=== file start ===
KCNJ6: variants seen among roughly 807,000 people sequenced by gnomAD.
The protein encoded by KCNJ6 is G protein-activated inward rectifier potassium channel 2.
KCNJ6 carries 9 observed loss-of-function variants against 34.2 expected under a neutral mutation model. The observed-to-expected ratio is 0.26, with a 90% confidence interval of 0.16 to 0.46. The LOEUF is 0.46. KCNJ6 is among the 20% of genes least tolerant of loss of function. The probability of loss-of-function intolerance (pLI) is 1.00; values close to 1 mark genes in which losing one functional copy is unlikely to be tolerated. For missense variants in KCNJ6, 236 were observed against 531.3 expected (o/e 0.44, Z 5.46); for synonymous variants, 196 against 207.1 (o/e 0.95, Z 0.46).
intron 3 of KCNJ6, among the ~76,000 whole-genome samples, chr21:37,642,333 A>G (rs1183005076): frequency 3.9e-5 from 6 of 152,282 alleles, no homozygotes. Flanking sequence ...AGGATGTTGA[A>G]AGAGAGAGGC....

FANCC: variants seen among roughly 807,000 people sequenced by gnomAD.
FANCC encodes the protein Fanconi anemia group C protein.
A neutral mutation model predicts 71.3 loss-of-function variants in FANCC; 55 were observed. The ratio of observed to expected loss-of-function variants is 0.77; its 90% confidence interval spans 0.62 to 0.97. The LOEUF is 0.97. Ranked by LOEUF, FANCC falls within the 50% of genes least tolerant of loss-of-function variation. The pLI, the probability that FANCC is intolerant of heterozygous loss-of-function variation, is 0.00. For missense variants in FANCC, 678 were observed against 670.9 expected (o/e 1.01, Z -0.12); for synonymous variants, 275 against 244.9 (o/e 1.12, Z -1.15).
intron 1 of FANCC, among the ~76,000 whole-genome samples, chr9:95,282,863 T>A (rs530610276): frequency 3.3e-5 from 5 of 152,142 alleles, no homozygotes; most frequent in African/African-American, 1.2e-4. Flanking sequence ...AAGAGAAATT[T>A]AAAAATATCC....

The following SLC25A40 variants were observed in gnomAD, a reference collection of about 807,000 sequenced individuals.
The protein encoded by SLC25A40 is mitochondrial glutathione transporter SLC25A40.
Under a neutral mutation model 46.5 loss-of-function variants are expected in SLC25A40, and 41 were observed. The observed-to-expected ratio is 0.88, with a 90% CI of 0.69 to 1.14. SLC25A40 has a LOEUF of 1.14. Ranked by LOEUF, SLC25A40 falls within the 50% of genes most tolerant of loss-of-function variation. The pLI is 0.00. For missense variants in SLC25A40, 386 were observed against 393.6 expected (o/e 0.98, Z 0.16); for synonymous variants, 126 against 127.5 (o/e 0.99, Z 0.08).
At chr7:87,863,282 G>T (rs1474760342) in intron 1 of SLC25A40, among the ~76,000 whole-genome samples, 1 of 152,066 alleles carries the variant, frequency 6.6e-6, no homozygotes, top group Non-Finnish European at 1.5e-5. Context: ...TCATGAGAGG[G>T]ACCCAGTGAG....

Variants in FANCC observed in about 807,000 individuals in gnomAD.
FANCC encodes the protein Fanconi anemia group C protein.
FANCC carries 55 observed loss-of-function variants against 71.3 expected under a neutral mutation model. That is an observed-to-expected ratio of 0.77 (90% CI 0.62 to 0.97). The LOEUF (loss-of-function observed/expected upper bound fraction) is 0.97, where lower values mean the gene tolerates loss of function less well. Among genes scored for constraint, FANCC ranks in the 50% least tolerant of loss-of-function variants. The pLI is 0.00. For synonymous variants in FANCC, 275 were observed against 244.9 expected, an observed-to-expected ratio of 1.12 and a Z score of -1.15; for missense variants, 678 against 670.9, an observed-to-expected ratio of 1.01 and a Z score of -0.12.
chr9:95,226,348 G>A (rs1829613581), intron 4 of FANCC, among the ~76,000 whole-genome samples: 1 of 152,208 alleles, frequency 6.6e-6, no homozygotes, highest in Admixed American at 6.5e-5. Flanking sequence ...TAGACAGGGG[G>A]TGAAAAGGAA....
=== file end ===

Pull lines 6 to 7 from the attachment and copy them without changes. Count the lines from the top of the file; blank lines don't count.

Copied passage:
FANCC encodes the protein Fanconi anemia group C protein.
A neutral mutation model predicts 71.3 loss-of-function variants in FANCC; 55 were observed. The ratio of observed to expected loss-of-function variants is 0.77; its 90% confidence interval spans 0.62 to 0.97. The LOEUF is 0.97. Ranked by LOEUF, FANCC falls within the 50% of genes least tolerant of loss-of-function variation. The pLI, the probability that FANCC is intolerant of heterozygous loss-of-function variation, is 0.00. For missense variants in FANCC, 678 were observed against 670.9 expected (o/e 1.01, Z -0.12); for synonymous variants, 275 against 244.9 (o/e 1.12, Z -1.15).